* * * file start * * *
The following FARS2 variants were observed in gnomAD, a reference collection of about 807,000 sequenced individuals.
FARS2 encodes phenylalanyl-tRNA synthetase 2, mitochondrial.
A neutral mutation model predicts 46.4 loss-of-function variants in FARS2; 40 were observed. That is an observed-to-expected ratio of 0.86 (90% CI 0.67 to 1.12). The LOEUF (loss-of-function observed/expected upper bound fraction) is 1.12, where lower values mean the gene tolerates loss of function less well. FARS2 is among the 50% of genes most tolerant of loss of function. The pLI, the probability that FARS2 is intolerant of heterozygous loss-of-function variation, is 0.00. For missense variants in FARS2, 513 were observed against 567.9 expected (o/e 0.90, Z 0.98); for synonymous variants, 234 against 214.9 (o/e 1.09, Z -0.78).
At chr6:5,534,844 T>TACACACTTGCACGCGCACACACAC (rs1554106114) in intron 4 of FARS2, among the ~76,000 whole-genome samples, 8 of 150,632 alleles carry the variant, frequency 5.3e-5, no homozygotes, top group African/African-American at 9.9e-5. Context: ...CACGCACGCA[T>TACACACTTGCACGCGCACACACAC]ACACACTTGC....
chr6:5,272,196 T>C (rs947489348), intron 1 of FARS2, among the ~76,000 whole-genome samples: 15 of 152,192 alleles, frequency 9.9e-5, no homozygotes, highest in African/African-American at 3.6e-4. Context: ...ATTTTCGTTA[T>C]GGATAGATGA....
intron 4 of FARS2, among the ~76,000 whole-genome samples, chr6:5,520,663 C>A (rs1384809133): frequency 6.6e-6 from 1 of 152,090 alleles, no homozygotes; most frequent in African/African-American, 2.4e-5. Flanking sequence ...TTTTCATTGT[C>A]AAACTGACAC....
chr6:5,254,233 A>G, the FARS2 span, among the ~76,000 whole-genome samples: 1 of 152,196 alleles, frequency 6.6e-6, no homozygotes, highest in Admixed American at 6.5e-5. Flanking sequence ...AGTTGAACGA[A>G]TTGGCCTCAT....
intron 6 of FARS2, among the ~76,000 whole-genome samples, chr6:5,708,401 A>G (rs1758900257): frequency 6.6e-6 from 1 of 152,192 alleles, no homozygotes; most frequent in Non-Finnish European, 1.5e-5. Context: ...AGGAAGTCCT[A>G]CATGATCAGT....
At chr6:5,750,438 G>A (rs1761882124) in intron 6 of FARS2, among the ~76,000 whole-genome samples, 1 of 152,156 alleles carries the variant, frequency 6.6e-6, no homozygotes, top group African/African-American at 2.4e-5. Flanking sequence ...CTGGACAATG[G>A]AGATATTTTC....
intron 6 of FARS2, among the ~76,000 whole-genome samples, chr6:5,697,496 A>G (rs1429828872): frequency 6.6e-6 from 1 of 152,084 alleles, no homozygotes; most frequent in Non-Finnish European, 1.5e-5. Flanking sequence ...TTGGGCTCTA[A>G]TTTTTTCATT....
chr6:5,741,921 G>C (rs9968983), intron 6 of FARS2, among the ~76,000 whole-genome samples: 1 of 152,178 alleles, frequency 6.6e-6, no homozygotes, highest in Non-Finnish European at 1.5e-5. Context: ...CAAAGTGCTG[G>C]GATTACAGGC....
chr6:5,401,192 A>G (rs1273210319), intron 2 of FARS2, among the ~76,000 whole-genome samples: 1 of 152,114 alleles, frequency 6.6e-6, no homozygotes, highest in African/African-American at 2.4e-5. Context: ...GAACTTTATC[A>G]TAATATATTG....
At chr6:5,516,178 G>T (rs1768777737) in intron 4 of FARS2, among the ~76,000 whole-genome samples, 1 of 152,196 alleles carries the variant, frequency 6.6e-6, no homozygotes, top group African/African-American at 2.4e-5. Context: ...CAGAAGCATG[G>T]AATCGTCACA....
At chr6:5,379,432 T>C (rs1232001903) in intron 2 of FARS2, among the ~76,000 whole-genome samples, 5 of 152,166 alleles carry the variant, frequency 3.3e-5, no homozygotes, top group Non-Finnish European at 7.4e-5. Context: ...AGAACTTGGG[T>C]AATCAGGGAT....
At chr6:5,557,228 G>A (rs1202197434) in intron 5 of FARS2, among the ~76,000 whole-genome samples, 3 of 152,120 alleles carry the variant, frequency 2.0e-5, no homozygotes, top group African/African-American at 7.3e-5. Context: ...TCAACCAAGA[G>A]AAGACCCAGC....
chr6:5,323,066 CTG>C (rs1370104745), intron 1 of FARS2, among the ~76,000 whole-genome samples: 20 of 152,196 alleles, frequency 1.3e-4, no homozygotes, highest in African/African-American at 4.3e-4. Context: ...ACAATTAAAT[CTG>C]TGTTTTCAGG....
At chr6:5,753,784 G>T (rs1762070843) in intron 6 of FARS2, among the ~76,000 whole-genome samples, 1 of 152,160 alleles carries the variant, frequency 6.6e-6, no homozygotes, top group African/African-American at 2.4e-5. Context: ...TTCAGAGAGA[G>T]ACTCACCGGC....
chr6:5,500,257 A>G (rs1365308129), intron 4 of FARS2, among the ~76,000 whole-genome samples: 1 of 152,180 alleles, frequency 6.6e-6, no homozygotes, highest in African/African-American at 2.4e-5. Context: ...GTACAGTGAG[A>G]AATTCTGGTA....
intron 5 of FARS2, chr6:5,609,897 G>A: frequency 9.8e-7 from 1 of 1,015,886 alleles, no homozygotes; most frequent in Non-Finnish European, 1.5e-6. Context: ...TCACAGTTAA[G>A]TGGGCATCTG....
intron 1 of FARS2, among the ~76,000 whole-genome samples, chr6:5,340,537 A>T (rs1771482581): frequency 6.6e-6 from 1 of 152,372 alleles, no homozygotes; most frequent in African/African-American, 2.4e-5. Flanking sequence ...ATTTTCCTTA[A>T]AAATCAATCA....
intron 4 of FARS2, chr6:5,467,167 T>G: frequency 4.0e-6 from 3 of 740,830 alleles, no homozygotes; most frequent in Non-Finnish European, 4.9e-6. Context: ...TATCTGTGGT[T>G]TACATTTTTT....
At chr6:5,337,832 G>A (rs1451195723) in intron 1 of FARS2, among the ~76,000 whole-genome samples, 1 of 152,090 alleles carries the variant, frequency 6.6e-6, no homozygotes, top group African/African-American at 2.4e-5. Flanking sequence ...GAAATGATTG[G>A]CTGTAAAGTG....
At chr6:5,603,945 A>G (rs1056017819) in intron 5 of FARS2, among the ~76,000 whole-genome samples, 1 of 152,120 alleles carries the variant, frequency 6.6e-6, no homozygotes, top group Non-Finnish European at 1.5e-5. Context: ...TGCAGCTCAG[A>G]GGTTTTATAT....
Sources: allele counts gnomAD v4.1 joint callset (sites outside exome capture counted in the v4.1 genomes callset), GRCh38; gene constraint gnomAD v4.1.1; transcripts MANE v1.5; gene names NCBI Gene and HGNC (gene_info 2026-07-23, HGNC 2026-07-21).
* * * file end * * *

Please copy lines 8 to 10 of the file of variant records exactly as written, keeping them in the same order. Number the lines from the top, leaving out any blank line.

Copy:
intron 6 of FARS2, among the ~76,000 whole-genome samples, chr6:5,708,401 A>G (rs1758900257): frequency 6.6e-6 from 1 of 152,192 alleles, no homozygotes; most frequent in Non-Finnish European, 1.5e-5. Context: ...AGGAAGTCCT[A>G]CATGATCAGT....
At chr6:5,750,438 G>A (rs1761882124) in intron 6 of FARS2, among the ~76,000 whole-genome samples, 1 of 152,156 alleles carries the variant, frequency 6.6e-6, no homozygotes, top group African/African-American at 2.4e-5. Flanking sequence ...CTGGACAATG[G>A]AGATATTTTC....
intron 6 of FARS2, among the ~76,000 whole-genome samples, chr6:5,697,496 A>G (rs1429828872): frequency 6.6e-6 from 1 of 152,084 alleles, no homozygotes; most frequent in Non-Finnish European, 1.5e-5. Flanking sequence ...TTGGGCTCTA[A>G]TTTTTTCATT....